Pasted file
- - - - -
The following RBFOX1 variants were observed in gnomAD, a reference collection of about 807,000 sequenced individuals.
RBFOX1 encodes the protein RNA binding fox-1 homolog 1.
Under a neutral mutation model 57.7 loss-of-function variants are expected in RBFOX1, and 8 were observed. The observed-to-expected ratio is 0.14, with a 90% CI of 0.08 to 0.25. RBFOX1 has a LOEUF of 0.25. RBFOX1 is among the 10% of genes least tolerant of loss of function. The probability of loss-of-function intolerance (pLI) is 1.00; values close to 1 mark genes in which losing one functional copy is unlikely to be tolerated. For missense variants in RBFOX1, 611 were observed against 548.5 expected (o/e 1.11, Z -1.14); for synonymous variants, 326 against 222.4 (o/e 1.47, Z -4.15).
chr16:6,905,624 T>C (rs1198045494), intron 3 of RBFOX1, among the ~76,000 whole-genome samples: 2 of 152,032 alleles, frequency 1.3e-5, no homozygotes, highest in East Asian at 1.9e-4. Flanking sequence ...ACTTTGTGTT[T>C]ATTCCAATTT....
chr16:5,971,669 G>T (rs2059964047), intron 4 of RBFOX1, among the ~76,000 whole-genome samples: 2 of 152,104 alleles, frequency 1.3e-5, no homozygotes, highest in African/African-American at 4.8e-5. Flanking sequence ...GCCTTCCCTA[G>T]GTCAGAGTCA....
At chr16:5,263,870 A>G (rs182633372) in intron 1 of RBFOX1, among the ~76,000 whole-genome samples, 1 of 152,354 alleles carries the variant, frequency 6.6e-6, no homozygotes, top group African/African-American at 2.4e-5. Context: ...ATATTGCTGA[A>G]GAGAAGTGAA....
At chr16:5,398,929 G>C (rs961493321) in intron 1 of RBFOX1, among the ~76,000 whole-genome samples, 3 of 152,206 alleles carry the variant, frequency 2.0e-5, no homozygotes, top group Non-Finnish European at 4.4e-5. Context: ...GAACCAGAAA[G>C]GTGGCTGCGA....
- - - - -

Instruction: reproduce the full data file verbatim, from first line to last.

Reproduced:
The following RBFOX1 variants were observed in gnomAD, a reference collection of about 807,000 sequenced individuals.
RBFOX1 encodes the protein RNA binding fox-1 homolog 1.
Under a neutral mutation model 57.7 loss-of-function variants are expected in RBFOX1, and 8 were observed. The observed-to-expected ratio is 0.14, with a 90% CI of 0.08 to 0.25. RBFOX1 has a LOEUF of 0.25. RBFOX1 is among the 10% of genes least tolerant of loss of function. The probability of loss-of-function intolerance (pLI) is 1.00; values close to 1 mark genes in which losing one functional copy is unlikely to be tolerated. For missense variants in RBFOX1, 611 were observed against 548.5 expected (o/e 1.11, Z -1.14); for synonymous variants, 326 against 222.4 (o/e 1.47, Z -4.15).
chr16:6,905,624 T>C (rs1198045494), intron 3 of RBFOX1, among the ~76,000 whole-genome samples: 2 of 152,032 alleles, frequency 1.3e-5, no homozygotes, highest in East Asian at 1.9e-4. Flanking sequence ...ACTTTGTGTT[T>C]ATTCCAATTT....
chr16:5,971,669 G>T (rs2059964047), intron 4 of RBFOX1, among the ~76,000 whole-genome samples: 2 of 152,104 alleles, frequency 1.3e-5, no homozygotes, highest in African/African-American at 4.8e-5. Flanking sequence ...GCCTTCCCTA[G>T]GTCAGAGTCA....
At chr16:5,263,870 A>G (rs182633372) in intron 1 of RBFOX1, among the ~76,000 whole-genome samples, 1 of 152,354 alleles carries the variant, frequency 6.6e-6, no homozygotes, top group African/African-American at 2.4e-5. Context: ...ATATTGCTGA[A>G]GAGAAGTGAA....
At chr16:5,398,929 G>C (rs961493321) in intron 1 of RBFOX1, among the ~76,000 whole-genome samples, 3 of 152,206 alleles carry the variant, frequency 2.0e-5, no homozygotes, top group Non-Finnish European at 4.4e-5. Context: ...GAACCAGAAA[G>C]GTGGCTGCGA....